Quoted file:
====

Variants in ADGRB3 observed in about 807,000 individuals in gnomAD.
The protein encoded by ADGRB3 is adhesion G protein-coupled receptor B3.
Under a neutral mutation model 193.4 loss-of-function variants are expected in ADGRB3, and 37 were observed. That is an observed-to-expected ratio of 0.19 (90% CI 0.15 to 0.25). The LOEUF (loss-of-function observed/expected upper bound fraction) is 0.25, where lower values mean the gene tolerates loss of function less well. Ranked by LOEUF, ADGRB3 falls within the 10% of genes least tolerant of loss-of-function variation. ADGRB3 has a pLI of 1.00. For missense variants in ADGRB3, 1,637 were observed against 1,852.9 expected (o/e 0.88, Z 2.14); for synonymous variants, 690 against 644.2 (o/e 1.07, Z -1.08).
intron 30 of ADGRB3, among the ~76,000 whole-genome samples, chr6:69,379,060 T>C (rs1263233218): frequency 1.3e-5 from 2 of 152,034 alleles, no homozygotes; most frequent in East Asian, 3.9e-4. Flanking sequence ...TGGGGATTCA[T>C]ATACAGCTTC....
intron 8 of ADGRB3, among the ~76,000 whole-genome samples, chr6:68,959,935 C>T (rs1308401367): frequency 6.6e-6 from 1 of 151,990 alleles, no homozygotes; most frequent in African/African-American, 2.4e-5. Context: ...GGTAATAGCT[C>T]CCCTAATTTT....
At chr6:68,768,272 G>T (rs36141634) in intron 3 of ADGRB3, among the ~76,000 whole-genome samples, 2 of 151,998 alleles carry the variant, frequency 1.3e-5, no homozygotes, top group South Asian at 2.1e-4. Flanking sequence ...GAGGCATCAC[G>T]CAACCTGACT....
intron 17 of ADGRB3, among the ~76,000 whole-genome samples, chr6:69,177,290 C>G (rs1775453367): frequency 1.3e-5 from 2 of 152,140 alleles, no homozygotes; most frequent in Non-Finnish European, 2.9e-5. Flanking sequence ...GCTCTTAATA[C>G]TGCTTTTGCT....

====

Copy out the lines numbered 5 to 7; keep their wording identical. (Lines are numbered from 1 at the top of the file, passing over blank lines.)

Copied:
intron 8 of ADGRB3, among the ~76,000 whole-genome samples, chr6:68,959,935 C>T (rs1308401367): frequency 6.6e-6 from 1 of 151,990 alleles, no homozygotes; most frequent in African/African-American, 2.4e-5. Context: ...GGTAATAGCT[C>T]CCCTAATTTT....
At chr6:68,768,272 G>T (rs36141634) in intron 3 of ADGRB3, among the ~76,000 whole-genome samples, 2 of 151,998 alleles carry the variant, frequency 1.3e-5, no homozygotes, top group South Asian at 2.1e-4. Flanking sequence ...GAGGCATCAC[G>T]CAACCTGACT....
intron 17 of ADGRB3, among the ~76,000 whole-genome samples, chr6:69,177,290 C>G (rs1775453367): frequency 1.3e-5 from 2 of 152,140 alleles, no homozygotes; most frequent in Non-Finnish European, 2.9e-5. Flanking sequence ...GCTCTTAATA[C>G]TGCTTTTGCT....